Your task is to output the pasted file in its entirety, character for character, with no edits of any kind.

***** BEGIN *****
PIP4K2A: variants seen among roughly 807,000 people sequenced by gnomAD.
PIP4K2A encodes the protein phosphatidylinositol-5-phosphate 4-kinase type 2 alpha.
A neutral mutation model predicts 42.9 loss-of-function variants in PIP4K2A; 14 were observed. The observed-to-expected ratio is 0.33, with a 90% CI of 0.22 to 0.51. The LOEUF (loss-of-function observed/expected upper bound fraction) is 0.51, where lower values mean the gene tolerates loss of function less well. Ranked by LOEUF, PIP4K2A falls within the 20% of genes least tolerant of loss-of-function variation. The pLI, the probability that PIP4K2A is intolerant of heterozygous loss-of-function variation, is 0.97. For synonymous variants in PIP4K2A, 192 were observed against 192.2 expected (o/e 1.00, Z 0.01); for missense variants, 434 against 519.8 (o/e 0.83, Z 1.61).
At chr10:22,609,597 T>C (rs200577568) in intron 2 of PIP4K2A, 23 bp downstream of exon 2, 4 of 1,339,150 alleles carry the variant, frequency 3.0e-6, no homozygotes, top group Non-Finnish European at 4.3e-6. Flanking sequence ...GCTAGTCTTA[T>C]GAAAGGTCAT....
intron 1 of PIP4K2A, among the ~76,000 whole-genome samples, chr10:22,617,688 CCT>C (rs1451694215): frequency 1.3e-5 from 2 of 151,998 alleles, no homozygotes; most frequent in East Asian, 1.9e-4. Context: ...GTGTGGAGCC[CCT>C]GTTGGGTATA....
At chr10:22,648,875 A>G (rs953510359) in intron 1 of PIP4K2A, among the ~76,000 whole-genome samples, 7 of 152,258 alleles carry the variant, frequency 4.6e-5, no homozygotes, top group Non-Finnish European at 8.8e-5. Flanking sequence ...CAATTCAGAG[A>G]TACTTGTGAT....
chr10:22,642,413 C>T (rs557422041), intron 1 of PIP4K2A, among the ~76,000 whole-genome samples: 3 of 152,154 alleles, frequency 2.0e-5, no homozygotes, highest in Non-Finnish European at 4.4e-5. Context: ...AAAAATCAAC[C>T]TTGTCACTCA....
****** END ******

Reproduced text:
PIP4K2A: variants seen among roughly 807,000 people sequenced by gnomAD.
PIP4K2A encodes the protein phosphatidylinositol-5-phosphate 4-kinase type 2 alpha.
A neutral mutation model predicts 42.9 loss-of-function variants in PIP4K2A; 14 were observed. The observed-to-expected ratio is 0.33, with a 90% CI of 0.22 to 0.51. The LOEUF (loss-of-function observed/expected upper bound fraction) is 0.51, where lower values mean the gene tolerates loss of function less well. Ranked by LOEUF, PIP4K2A falls within the 20% of genes least tolerant of loss-of-function variation. The pLI, the probability that PIP4K2A is intolerant of heterozygous loss-of-function variation, is 0.97. For synonymous variants in PIP4K2A, 192 were observed against 192.2 expected (o/e 1.00, Z 0.01); for missense variants, 434 against 519.8 (o/e 0.83, Z 1.61).
At chr10:22,609,597 T>C (rs200577568) in intron 2 of PIP4K2A, 23 bp downstream of exon 2, 4 of 1,339,150 alleles carry the variant, frequency 3.0e-6, no homozygotes, top group Non-Finnish European at 4.3e-6. Flanking sequence ...GCTAGTCTTA[T>C]GAAAGGTCAT....
intron 1 of PIP4K2A, among the ~76,000 whole-genome samples, chr10:22,617,688 CCT>C (rs1451694215): frequency 1.3e-5 from 2 of 151,998 alleles, no homozygotes; most frequent in East Asian, 1.9e-4. Context: ...GTGTGGAGCC[CCT>C]GTTGGGTATA....
At chr10:22,648,875 A>G (rs953510359) in intron 1 of PIP4K2A, among the ~76,000 whole-genome samples, 7 of 152,258 alleles carry the variant, frequency 4.6e-5, no homozygotes, top group Non-Finnish European at 8.8e-5. Flanking sequence ...CAATTCAGAG[A>G]TACTTGTGAT....
chr10:22,642,413 C>T (rs557422041), intron 1 of PIP4K2A, among the ~76,000 whole-genome samples: 3 of 152,154 alleles, frequency 2.0e-5, no homozygotes, highest in Non-Finnish European at 4.4e-5. Context: ...AAAAATCAAC[C>T]TTGTCACTCA....